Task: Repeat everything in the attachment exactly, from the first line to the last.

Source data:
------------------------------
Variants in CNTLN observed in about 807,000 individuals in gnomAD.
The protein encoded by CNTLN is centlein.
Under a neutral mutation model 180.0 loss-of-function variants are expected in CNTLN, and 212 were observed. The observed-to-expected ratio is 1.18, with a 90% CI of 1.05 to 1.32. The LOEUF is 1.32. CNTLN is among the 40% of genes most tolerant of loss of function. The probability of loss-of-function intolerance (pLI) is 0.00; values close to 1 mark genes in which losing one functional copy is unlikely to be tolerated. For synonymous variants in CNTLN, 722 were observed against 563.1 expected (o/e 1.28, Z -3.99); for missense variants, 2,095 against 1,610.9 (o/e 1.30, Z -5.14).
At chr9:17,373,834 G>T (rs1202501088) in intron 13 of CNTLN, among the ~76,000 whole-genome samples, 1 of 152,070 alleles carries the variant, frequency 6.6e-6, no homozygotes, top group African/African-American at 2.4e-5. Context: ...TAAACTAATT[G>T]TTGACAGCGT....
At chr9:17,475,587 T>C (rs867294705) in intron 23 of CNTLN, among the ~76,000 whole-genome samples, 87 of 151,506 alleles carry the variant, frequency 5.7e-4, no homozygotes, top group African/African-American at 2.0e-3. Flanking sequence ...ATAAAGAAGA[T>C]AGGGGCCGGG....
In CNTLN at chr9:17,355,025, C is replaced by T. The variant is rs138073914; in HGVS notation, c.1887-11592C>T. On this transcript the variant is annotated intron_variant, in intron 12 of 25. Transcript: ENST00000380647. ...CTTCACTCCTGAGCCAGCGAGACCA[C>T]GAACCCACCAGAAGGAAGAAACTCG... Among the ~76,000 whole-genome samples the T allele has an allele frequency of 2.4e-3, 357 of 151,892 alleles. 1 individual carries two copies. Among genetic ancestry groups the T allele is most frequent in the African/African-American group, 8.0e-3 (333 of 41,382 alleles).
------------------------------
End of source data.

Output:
Variants in CNTLN observed in about 807,000 individuals in gnomAD.
The protein encoded by CNTLN is centlein.
Under a neutral mutation model 180.0 loss-of-function variants are expected in CNTLN, and 212 were observed. The observed-to-expected ratio is 1.18, with a 90% CI of 1.05 to 1.32. The LOEUF is 1.32. CNTLN is among the 40% of genes most tolerant of loss of function. The probability of loss-of-function intolerance (pLI) is 0.00; values close to 1 mark genes in which losing one functional copy is unlikely to be tolerated. For synonymous variants in CNTLN, 722 were observed against 563.1 expected (o/e 1.28, Z -3.99); for missense variants, 2,095 against 1,610.9 (o/e 1.30, Z -5.14).
At chr9:17,373,834 G>T (rs1202501088) in intron 13 of CNTLN, among the ~76,000 whole-genome samples, 1 of 152,070 alleles carries the variant, frequency 6.6e-6, no homozygotes, top group African/African-American at 2.4e-5. Context: ...TAAACTAATT[G>T]TTGACAGCGT....
At chr9:17,475,587 T>C (rs867294705) in intron 23 of CNTLN, among the ~76,000 whole-genome samples, 87 of 151,506 alleles carry the variant, frequency 5.7e-4, no homozygotes, top group African/African-American at 2.0e-3. Flanking sequence ...ATAAAGAAGA[T>C]AGGGGCCGGG....
In CNTLN at chr9:17,355,025, C is replaced by T. The variant is rs138073914; in HGVS notation, c.1887-11592C>T. On this transcript the variant is annotated intron_variant, in intron 12 of 25. Transcript: ENST00000380647. ...CTTCACTCCTGAGCCAGCGAGACCA[C>T]GAACCCACCAGAAGGAAGAAACTCG... Among the ~76,000 whole-genome samples the T allele has an allele frequency of 2.4e-3, 357 of 151,892 alleles. 1 individual carries two copies. Among genetic ancestry groups the T allele is most frequent in the African/African-American group, 8.0e-3 (333 of 41,382 alleles).